This contest will end Thursday night, Feb. 17 at 6 PM MT, when I usually end my contests.  So, you have four days to get your entries in to be one of a small group who can find out right now what's going on with Clare Fergusson and Russ Van Alstyne.   Good luck!



19 comments:

Elizabeth Spann Craig/Riley Adams said...

Julia, I love your reason for writing mysteries! Ha! Isn't it funny how easy it is to include a dead body in a plot? Best wishes with your upcoming release.

Lesa said...

I told my sister last night, Elizabeth, that I loved the conclusion of Julie's blog. Isn't it terrific?

Linda Leszczuk said...

I love this series. I was doing a disaster assignment with the Red Cross when I Shall Not Want was relesed. When I got my first off-duty day (after 10 days), I made my way to a bookstore to get it. Sat up reading all night.

Lois Fleming said...

I want your readers to know your murerous inclinations are not genetic....

Lesa said...

Linda,

I know Julia will be pleased that you headed straight to a bookstore to get that book. And, then staying up after your assignment. That's a fan.

jenny milchman said...

Julia, I wish you could have been part of this panel on genre versus literary fiction that I moderated. We explored exactly this question of crime fiction's place amongst books in general. Thanks for sharing your thoughts, and thanks Lesa, for posting!

Lesa said...

Lois,

That's so funny. So, other family members don't have that tendency?

Lesa said...

Wasn't it terrific, Jenny? And, I totally agree with Julia's comments about mystery fiction. Now, I'm not so sure about that motivation part.

Julia Spencer-Fleming said...

My poor mother was so distraught she typo'd "murder." Since she still copy edits my books on a volunteer basis, I assure you, it is a rarity.

True story: I was defrosting one of those 3-pound packages of ground beef in the microwave to get dinner started. I failed to see, when I took it out, that the plastic wrap was torn. Beef "jus", aka blood, poured onto the floor.

I slung the meat into the sink and ripped a handful of paper towels off the roll. When my husband and kids walked through the door (he did the after school pick-up)I was kneeling next to a huge puddle of blood.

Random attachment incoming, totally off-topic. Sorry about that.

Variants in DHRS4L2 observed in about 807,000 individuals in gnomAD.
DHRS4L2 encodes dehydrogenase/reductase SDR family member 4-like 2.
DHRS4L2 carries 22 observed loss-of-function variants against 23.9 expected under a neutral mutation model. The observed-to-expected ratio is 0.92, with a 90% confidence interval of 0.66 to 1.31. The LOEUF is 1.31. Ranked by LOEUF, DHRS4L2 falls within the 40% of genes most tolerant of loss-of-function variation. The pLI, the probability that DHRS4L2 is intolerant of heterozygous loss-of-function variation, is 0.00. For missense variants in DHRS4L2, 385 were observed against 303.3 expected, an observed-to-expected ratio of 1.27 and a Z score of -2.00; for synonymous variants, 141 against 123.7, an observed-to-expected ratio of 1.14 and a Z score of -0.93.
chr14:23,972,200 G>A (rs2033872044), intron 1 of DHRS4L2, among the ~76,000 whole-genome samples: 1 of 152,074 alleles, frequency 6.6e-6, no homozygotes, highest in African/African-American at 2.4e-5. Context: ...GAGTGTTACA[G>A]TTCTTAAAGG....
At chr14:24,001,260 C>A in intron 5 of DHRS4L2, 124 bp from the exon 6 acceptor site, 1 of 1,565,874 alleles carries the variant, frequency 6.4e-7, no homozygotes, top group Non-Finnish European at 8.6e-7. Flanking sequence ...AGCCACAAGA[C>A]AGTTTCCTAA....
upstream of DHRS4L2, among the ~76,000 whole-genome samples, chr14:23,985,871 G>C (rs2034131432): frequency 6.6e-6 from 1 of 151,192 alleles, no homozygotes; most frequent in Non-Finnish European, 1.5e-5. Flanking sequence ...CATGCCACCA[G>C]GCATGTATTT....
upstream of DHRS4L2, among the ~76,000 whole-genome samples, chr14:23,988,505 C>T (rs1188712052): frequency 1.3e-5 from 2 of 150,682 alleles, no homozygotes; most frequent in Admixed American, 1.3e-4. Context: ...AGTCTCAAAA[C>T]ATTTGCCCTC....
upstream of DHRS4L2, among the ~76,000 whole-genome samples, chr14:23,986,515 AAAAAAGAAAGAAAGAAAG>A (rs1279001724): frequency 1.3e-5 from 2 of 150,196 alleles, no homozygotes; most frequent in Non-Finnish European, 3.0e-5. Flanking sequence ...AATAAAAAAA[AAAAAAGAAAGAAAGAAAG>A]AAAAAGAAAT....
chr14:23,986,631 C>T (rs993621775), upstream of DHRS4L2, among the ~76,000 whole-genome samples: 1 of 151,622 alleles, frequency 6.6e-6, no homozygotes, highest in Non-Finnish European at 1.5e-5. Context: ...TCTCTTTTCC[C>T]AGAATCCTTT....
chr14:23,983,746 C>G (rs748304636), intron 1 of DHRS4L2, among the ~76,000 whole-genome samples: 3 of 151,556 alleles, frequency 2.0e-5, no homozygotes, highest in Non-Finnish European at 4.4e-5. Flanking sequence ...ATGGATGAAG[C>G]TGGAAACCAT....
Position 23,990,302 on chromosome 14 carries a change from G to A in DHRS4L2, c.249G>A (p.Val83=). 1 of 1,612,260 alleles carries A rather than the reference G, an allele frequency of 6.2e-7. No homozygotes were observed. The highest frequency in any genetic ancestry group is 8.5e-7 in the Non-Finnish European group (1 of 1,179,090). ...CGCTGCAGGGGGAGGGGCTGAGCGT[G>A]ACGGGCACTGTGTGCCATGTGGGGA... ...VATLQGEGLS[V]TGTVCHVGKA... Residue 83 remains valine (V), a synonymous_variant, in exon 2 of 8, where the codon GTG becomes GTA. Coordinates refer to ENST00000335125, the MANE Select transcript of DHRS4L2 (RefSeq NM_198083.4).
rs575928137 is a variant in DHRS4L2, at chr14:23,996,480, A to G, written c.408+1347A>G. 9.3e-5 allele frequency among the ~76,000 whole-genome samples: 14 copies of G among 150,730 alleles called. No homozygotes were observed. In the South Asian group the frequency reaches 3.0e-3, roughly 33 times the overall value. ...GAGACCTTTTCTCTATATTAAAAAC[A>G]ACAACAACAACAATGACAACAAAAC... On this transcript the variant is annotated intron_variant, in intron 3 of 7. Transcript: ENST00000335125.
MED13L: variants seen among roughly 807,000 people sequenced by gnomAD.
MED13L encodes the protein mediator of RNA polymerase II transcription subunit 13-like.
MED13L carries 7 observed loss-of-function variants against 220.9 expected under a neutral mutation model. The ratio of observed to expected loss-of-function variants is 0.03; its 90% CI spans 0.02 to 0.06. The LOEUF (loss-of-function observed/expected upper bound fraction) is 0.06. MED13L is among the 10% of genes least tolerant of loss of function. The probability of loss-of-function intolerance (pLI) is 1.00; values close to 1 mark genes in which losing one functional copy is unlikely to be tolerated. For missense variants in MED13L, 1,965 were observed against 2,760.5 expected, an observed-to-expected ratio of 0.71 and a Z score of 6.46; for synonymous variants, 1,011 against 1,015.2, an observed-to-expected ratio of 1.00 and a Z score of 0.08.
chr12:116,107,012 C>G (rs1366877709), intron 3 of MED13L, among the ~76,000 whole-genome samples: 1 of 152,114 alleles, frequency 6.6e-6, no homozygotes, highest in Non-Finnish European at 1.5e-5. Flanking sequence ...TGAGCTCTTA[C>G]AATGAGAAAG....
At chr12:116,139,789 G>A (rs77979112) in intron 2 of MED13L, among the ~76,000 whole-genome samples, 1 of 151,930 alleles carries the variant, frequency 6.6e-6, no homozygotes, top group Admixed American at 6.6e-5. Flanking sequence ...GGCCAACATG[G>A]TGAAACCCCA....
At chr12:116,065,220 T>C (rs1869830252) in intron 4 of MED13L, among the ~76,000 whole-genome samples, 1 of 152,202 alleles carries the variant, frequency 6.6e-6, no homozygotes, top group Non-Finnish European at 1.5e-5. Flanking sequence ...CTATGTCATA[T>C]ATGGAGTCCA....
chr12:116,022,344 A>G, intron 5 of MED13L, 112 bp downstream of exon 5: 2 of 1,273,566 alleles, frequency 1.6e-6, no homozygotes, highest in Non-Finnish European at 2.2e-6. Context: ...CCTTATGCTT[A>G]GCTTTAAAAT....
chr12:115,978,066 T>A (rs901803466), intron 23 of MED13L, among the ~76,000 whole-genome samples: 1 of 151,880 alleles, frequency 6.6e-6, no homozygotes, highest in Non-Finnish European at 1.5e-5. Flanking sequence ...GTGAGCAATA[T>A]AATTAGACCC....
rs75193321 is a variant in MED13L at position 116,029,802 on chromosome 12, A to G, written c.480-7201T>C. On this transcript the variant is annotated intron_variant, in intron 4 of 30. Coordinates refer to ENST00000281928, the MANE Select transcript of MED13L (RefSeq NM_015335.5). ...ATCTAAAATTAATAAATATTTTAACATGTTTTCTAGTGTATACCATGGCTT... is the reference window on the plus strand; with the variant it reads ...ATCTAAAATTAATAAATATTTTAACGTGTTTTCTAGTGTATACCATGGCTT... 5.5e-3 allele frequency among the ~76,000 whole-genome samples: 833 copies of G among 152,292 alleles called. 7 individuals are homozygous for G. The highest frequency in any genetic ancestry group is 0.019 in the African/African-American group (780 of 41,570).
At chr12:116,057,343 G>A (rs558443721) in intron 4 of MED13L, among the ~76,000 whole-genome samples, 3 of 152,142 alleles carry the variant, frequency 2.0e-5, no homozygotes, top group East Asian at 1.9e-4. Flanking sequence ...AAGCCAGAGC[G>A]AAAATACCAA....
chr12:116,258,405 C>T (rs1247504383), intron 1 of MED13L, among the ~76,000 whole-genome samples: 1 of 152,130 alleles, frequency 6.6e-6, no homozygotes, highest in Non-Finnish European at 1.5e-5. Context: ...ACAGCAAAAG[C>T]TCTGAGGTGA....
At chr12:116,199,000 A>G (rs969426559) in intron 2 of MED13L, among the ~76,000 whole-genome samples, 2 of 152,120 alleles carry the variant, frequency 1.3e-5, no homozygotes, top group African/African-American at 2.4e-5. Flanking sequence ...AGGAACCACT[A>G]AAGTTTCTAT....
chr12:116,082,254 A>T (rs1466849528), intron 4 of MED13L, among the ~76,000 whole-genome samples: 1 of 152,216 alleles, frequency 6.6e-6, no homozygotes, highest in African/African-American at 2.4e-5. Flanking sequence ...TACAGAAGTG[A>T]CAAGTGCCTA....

"Mom!" my eldest said. "WHAT are you doing?"

I gave it a good long beat before replying, "Research."

Lesa said...

Oh, I love that story, Julia! And, I'm afraid there isn't really anything I can do about your mother's comment, except delete it. And, I don't want to, because it is a funny comment coming from your mother. So, please just tell her you stuck up for her, and we know it was just a typo.

Julia Spencer-Fleming said...

Okay, but don't let her talk you into the Advance Reader Copy give-away. She already has one.

Lesa said...

OK, Julia. If I see your mother's name come up in the random number generator, she won't win.

Ingrid King said...

I really enjoyed this post - I'm a huge fan of this series, and I can't wait for the new one to come out!

Donna Fletcher Crow said...

Great list of reasons, Julia. You should add, appropriately modestly, "Because it gives my readers so much pleasure." Keep it up!

Donis Casey said...

I've been holding my breath for three years waiting for this book. Thank goodness it's about out - I'm getting pretty blue.
Hi, Julia, and hi to Ross, too.

Lesa said...

Wasn't this a fun post, Ingrid? Add me to the list of fans who have been waiting to read the next book.

Lesa said...

Donna,

You're right. Julia's books do bring us so much pleasure, don't they?

Lesa said...

My gosh, Donis. I wish I'd known your recent health problems stemmed from holding your breath for three years. That's hard to do. I'm glad Julia has finally rescued you.